Medical How do I decide between a T20 and low-ranked state medical school?


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lord999

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Hey guys- I hope this is an ok place to post this. So I’ve been accepted at my state school with a really solid scholarship, so I’d be paying little enough to where my folks can help out and I’ll graduate debt-free. This school is ranked in the 60's and 70's for research and primary care
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I also got accepted to a T20 school fairly recently where it seems unlikely I’ll get much (if any) moola since it's so late in the cycle. I’ll likely graduate with a tonnn of debt- perhaps around $260,000 after potential parental help.

The insane difference in price the two is completely mind-boggling to me and with STEP 1 going P/F and a lot of people guessing that school prestige is going to matter more, I’m at a total loss as to what to do. I’d love to go to the T20 and it’s my top choice also in a city I enjoy, but I can’t even begin to think how I’ll pay all of that off. Some simple calculations with projected average residency salaries makes it seem I'll be paying off debt for at least 8 years after graduating (if I continue to live super frugally). It doesn't seem worth it at all although, again, I'd love to attend the T20.

Anyone have any advice?
Congratulations on having a good problem! I think this is more predicated on what sort of career post-school. If you are going into the relatively non-competitive residencies: IM, FM, etc., then you would of course pick the low debt school. For ultracompetitive residencies: Derm, Interventional Radiology, etc, then it becomes a larger consideration. Step II is still scored though.
 

lord999

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Hi! I’m way more interested in competitive specialties- I like ophthalmology, cardiology, and interventional radiologist (although I want to actually try those things before dedicating myself to them). I’ve head Step II has a more subjective grading scale and isn’t as important?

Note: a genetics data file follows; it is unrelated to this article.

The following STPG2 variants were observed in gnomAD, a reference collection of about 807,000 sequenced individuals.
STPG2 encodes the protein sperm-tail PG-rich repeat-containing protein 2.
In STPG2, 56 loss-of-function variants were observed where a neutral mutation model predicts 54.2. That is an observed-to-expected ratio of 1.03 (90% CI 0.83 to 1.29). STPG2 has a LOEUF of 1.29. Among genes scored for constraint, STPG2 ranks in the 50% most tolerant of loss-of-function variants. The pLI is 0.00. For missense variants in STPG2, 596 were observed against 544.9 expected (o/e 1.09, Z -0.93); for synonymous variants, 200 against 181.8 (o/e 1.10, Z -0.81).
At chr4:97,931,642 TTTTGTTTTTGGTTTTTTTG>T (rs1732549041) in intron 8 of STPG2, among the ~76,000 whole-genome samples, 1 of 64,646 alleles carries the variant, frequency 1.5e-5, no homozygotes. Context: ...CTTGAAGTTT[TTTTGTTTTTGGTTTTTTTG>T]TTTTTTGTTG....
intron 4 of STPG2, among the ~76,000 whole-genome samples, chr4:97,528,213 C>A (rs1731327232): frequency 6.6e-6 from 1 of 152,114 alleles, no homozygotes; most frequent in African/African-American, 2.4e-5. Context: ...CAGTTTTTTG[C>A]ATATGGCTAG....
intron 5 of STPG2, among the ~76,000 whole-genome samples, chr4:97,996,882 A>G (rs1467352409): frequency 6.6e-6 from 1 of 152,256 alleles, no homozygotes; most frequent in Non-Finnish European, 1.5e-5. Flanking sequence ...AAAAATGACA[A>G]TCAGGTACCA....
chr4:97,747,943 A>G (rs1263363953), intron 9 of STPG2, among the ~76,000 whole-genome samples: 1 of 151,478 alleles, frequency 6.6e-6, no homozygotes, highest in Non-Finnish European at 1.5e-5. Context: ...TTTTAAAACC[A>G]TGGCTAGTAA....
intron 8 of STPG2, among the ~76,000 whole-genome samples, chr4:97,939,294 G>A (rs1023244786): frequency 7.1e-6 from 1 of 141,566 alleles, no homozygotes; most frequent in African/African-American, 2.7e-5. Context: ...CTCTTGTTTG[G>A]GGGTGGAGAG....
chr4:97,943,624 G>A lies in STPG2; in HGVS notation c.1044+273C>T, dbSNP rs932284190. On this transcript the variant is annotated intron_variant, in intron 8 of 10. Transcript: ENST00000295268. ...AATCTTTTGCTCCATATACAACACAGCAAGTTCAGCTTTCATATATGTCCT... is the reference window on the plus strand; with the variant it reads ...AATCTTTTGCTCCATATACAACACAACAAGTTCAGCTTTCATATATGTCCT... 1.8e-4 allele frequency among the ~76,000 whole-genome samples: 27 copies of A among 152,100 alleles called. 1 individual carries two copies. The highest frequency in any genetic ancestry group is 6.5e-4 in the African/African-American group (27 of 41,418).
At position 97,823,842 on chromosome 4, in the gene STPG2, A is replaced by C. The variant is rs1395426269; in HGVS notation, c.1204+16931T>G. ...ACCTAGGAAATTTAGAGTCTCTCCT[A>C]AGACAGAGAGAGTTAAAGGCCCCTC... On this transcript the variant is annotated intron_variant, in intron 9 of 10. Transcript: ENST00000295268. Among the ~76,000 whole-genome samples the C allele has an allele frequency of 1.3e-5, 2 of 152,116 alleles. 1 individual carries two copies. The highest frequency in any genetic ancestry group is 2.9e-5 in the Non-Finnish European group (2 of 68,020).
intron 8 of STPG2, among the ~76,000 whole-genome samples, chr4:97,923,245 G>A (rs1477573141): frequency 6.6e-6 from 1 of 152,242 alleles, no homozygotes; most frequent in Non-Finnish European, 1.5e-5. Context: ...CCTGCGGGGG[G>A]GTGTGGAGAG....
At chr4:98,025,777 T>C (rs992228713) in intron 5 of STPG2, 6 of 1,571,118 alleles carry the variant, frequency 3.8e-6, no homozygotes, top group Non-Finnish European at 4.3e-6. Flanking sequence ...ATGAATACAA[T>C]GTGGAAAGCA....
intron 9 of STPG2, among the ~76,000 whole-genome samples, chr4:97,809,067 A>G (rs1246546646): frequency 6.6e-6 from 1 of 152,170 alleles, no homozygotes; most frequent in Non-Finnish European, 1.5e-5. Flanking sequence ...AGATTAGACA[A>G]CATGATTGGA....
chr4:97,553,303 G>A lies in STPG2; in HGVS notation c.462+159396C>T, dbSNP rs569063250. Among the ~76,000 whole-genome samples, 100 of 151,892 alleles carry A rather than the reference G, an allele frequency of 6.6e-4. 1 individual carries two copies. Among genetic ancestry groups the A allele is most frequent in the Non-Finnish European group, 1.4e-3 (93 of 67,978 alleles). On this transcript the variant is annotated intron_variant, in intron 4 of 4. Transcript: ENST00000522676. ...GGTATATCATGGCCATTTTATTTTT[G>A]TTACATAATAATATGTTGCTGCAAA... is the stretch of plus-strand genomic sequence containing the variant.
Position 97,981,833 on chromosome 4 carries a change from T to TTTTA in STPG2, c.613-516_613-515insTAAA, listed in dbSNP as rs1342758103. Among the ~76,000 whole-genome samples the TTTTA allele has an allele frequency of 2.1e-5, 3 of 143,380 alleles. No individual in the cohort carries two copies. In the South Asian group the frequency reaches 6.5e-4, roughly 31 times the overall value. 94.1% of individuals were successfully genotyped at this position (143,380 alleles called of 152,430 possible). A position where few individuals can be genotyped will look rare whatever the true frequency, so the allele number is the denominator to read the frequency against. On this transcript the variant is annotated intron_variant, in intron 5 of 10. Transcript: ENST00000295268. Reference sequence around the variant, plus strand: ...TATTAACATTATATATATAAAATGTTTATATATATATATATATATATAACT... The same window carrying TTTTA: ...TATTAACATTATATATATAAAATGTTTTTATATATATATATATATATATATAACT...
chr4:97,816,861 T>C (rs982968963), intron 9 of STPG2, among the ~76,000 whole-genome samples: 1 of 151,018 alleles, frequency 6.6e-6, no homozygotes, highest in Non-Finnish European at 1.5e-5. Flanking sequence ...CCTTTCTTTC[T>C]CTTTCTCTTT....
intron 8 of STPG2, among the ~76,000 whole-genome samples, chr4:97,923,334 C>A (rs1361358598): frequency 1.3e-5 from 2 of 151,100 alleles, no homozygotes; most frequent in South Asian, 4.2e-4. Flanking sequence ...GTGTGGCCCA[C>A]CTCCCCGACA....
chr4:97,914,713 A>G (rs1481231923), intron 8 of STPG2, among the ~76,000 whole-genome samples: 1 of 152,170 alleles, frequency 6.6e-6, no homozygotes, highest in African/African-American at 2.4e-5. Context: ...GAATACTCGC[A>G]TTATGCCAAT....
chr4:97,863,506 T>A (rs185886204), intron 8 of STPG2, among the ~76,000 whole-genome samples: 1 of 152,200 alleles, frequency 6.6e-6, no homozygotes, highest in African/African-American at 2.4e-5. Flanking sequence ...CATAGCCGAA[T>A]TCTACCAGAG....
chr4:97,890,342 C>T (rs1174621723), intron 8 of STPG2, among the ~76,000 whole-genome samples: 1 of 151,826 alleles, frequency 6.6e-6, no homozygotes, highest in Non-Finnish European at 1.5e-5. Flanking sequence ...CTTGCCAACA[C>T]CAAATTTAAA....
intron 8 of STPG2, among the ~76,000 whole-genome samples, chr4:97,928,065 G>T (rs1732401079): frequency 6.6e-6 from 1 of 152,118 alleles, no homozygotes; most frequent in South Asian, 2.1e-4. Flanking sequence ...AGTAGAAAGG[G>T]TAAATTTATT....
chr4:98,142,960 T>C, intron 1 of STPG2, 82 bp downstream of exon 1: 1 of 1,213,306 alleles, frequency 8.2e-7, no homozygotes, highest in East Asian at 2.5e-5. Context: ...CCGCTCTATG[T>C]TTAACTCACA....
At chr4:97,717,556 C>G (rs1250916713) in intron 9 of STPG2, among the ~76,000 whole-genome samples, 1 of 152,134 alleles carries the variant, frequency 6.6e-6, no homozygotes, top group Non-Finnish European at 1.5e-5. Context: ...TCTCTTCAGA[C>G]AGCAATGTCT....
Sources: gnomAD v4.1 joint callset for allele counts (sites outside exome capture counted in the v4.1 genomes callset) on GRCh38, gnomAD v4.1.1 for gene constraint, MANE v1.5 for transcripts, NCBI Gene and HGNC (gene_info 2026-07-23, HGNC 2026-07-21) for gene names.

Do you think that level of debt is justifiable? I can’t imagine living so frugally until I’m 34 and paid off all debt and only then starting to relax and live

That's subjective, and most spend far longer in debt (the last staffing analysis for government the Interventional Cardiology and the Interventional Radiology specialties had the vast majority counting on PSLF for their loans). But, it is quite lucrative as well, so the debt risk is yours. There's quite a bit of AAMC debate on the issue, but the choice of medical school is not anywhere near as deterministic as your performance within it. If you can ace the exams and graduate highly, the competitive specialties are still quite open.
 

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A lot of IGNORANT pre-meds and preclinical med students are speculating ceaselessly that Program Directors are either too lazy or too stupid to not use other measures of candidate quality, like Step 2.

In the end, it doesn't matter where you go to school, because your attending salary will be the same if you got to ACOM or Yale, JAB or Harvard, U WA or U Miami.

The T20 route is only beneficial if you wish to go into academic medicine, which actually pays less.